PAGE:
Recently, U.S. Pain has seen a number of bills that propose placing a tax on opioids in order to fund efforts to combat opioid abuse. To date, bills have been introduced in numerous states (MN, IA, MA, CA, KY, MT, PA, and NY) and in Congress. But the bills would primarily place a financial burden on legitimate patients. At the very least, chronic pain advocates argue the funds should also be used to address the pain epidemic, not just substance use disorder.

“While we do not have an official position opposing opioid taxation, we are concerned that these bills, as currently drafted, would be very unfair to legitimate pain patients,” says Cindy Steinberg, national director of Policy & Advocacy. “It appears that lawmakers simply have not considered the burden these would place predominantly on people living with debilitating pain, who are using these medications legally as prescribed.”

Steinberg says there are two chief concerns with these bills. First, the taxes imposed on opioid pain medications are likely to be passed on to legitimate pain patients. Studies show that most opioid prescriptions are for legitimate pain.

“While at least one of the bills includes language saying increased costs should not be passed on to patients, there is no way to ensure this,” says Steinberg. “Two of the bills include language protecting ‘eligible patients’ from economic burden; however, ‘eligible patients’ are defined as hospice or cancer patients, with no mention of those with chronic, non-cancer pain.”

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If you are concerned about these bills and live in one of the states mentioned above, U.S. Pain encourages you to reach out to lawmakers.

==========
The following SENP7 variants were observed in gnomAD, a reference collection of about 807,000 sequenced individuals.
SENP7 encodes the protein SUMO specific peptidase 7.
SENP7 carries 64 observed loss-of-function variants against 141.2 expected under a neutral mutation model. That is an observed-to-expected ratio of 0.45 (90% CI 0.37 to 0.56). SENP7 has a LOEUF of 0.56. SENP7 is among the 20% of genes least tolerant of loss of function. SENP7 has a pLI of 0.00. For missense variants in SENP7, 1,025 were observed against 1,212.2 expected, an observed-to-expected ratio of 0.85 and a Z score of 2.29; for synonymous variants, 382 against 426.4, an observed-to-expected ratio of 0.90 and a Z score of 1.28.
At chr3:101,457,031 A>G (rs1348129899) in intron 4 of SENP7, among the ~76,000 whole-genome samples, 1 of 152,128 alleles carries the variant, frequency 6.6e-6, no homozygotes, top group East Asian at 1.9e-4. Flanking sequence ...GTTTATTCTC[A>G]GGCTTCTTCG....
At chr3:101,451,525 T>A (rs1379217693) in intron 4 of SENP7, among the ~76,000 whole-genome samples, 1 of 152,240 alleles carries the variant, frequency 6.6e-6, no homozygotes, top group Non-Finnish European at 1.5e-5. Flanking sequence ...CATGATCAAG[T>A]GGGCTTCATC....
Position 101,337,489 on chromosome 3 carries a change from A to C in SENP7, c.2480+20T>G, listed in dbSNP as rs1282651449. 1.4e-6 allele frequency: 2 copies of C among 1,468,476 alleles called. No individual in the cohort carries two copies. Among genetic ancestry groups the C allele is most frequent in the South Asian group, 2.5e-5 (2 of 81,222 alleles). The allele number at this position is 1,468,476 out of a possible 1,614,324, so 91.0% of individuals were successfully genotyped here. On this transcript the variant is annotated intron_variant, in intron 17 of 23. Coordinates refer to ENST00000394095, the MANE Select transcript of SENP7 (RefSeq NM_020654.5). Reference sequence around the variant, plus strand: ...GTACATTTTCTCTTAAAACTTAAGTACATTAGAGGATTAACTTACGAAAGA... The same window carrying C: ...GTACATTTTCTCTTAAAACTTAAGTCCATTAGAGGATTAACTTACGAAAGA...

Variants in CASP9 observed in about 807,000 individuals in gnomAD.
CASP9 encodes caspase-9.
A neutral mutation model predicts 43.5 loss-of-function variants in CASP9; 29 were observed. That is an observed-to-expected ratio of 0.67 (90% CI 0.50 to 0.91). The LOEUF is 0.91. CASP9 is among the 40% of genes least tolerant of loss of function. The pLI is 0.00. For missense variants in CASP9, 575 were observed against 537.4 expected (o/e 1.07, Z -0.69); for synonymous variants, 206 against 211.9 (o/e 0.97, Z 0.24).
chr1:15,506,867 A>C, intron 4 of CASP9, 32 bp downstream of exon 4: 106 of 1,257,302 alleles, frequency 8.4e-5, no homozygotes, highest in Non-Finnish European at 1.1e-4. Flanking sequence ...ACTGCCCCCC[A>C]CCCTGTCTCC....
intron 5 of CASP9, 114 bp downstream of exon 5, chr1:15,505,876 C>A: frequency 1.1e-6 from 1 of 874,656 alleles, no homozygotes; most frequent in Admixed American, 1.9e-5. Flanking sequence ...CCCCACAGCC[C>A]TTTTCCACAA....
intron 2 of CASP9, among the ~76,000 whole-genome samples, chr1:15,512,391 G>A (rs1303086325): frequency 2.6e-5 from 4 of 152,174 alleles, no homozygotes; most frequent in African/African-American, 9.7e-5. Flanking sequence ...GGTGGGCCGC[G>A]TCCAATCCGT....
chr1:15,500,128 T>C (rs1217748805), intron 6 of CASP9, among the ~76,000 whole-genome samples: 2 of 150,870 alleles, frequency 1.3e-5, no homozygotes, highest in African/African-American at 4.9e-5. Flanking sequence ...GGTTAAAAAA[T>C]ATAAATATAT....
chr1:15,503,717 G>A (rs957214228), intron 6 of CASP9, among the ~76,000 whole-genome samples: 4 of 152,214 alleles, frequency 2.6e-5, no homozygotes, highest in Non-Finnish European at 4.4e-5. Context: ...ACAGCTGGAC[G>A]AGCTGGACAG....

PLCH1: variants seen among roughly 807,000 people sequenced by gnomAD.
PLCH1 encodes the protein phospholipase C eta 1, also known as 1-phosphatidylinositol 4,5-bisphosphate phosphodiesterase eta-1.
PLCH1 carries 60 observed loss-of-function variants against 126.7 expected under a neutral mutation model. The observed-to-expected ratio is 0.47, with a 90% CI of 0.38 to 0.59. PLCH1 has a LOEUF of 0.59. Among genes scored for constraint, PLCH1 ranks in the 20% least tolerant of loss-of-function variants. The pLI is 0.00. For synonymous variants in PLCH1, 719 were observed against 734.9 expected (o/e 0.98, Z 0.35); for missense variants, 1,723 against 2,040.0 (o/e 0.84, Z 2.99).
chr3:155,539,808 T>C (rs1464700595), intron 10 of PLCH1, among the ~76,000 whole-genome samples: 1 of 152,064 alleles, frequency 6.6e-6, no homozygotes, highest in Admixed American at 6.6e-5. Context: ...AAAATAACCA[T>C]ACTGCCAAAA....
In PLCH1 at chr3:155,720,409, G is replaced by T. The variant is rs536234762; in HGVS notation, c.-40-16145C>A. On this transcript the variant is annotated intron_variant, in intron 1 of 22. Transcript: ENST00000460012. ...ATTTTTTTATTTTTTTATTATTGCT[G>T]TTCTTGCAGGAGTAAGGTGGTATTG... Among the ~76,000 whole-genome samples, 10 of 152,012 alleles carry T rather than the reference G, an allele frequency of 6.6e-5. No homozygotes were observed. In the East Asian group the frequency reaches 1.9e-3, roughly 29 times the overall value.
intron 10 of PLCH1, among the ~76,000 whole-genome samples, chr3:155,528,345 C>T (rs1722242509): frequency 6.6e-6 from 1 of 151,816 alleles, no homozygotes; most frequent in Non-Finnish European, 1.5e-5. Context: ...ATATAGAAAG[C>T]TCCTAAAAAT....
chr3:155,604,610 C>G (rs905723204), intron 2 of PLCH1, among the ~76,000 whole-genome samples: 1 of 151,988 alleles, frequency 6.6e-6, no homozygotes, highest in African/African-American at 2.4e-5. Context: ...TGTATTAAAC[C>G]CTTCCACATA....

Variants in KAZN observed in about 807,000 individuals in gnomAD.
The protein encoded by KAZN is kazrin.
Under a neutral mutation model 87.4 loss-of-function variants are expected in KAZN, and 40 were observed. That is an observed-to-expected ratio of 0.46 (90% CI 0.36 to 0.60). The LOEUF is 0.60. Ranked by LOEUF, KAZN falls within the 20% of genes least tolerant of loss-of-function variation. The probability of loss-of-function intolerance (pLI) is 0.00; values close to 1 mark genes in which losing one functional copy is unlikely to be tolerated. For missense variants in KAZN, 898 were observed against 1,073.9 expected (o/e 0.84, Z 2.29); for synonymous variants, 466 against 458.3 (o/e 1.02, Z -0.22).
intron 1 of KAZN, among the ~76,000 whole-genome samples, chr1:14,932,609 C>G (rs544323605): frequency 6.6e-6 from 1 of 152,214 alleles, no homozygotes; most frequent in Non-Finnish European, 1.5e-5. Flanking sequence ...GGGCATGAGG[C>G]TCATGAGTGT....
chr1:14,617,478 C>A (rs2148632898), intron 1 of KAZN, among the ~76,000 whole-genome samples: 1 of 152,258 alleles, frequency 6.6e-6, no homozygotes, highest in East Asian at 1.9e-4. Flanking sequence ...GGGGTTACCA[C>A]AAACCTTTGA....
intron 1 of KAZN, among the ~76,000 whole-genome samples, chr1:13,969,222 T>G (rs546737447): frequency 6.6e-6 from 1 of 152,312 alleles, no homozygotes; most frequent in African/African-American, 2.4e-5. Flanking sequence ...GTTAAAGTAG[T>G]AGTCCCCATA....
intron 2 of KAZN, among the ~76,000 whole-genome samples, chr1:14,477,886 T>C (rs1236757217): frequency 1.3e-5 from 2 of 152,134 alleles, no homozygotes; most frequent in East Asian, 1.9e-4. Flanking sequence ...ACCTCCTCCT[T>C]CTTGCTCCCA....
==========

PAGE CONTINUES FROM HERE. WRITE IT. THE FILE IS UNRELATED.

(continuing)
The second concern is that, in all but one case, none of the funds are earmarked to benefit patients living with chronic pain, only for programs benefitting those with substance abuse disorder.

“If any of these bills in congress or any state legislatures move closer to passage, U.S. Pain believes they should be balanced with the inclusion of language protecting all chronic pain patients as well as splitting funds evenly between programs that benefit substance use disodre patients and chronic pain patients,” says Steinberg.

If you are concerned about these bills and live in one of the states mentioned above, U.S. Pain encourages you to speak to lawmakers in your state who have introduced these bills as well as the federal bill sponsors who have done the same. Explain how these measures would affect you and your loved ones.As of the date of this newsletter, four state legislatures (CA, MA, NY and NY) and Congress are still in session with active bills on opioid taxation.

If you have questions about opioid taxation bills, email For more details on U.S. Pain’s position on access to pain management, click here.